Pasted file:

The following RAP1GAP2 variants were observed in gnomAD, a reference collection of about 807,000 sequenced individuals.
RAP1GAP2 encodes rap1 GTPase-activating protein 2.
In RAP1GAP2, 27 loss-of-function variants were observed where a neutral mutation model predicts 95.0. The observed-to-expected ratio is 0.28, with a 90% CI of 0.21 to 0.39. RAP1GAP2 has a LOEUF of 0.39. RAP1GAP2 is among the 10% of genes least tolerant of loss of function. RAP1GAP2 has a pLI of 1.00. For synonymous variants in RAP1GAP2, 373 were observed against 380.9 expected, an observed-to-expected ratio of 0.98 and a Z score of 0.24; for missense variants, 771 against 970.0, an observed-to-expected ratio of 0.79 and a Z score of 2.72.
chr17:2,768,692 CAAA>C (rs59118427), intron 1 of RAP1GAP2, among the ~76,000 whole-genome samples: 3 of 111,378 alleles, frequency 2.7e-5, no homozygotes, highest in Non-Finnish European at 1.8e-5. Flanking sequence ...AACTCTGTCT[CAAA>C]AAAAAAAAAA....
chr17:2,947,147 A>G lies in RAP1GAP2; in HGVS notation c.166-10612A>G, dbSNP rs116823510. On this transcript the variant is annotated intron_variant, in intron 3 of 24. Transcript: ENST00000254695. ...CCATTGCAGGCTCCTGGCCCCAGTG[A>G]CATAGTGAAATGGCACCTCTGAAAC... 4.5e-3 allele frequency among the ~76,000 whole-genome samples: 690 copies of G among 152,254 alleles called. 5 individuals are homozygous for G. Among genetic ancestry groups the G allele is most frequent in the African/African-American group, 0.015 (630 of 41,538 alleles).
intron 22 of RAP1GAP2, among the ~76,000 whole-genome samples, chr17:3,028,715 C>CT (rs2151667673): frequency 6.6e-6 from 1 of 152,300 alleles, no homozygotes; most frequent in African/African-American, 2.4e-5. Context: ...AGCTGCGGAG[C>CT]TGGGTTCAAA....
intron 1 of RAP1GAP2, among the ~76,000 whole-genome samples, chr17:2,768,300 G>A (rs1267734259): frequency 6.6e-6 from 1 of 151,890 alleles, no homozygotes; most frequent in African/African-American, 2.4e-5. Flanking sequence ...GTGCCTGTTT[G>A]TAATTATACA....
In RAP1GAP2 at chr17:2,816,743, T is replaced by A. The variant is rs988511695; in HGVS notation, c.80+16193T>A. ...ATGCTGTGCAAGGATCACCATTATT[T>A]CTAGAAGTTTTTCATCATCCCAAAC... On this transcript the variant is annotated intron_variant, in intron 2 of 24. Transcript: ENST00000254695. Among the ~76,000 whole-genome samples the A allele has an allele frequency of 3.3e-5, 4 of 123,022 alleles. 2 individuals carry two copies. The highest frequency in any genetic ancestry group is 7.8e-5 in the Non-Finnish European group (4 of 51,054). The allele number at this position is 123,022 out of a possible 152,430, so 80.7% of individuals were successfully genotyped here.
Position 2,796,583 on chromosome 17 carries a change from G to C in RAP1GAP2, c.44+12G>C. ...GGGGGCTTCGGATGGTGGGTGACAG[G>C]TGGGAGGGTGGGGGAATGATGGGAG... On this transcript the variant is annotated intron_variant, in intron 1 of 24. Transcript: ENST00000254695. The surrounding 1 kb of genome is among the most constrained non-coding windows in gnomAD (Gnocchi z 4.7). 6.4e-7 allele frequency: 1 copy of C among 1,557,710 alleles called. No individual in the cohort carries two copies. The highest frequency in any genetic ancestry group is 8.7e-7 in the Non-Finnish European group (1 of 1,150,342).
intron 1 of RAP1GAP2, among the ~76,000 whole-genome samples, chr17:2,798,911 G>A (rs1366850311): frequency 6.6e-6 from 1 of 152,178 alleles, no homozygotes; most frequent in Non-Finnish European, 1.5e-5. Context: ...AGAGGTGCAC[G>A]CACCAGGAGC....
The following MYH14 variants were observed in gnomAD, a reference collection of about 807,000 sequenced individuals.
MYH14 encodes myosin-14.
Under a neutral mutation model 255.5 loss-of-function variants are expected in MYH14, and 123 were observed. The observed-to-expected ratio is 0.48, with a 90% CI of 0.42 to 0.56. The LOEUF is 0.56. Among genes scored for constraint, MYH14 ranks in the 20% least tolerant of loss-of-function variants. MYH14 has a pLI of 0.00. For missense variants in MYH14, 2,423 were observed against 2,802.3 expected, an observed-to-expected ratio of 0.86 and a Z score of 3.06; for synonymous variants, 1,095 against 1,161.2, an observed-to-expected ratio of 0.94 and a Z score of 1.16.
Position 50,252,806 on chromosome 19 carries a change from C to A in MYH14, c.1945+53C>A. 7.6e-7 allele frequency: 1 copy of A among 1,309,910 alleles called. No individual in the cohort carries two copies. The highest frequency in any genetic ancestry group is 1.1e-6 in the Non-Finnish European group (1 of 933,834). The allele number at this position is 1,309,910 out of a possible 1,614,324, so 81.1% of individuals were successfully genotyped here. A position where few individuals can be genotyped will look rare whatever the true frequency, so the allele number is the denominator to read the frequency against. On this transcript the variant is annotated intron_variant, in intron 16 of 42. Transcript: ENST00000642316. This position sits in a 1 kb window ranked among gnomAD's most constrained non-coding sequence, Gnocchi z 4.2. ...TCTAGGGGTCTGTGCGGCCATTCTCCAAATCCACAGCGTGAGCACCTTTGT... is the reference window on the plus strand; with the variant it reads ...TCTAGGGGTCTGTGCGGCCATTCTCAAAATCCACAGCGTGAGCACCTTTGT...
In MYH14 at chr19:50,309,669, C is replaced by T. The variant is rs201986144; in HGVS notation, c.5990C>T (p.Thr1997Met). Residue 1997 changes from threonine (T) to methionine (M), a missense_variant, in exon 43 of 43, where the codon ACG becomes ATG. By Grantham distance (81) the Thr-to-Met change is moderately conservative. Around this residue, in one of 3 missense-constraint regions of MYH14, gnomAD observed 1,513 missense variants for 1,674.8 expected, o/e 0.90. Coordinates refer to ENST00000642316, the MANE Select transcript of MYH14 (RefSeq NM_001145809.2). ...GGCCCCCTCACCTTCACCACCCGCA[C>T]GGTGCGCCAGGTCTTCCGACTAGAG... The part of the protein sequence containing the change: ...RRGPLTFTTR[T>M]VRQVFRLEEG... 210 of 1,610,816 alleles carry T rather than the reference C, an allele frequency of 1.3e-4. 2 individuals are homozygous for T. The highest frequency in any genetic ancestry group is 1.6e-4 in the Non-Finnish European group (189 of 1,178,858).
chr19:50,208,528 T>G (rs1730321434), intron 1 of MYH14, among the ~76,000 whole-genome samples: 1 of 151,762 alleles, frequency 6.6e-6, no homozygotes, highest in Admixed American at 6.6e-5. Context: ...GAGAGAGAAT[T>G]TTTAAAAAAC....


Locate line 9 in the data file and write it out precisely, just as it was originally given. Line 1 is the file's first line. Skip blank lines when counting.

Position 2,796,583 on chromosome 17 carries a change from G to C in RAP1GAP2, c.44+12G>C. ...GGGGGCTTCGGATGGTGGGTGACAG[G>C]TGGGAGGGTGGGGGAATGATGGGAG... On this transcript the variant is annotated intron_variant, in intron 1 of 24. Transcript: ENST00000254695. The surrounding 1 kb of genome is among the most constrained non-coding windows in gnomAD (Gnocchi z 4.7). 6.4e-7 allele frequency: 1 copy of C among 1,557,710 alleles called. No individual in the cohort carries two copies. The highest frequency in any genetic ancestry group is 8.7e-7 in the Non-Finnish European group (1 of 1,150,342).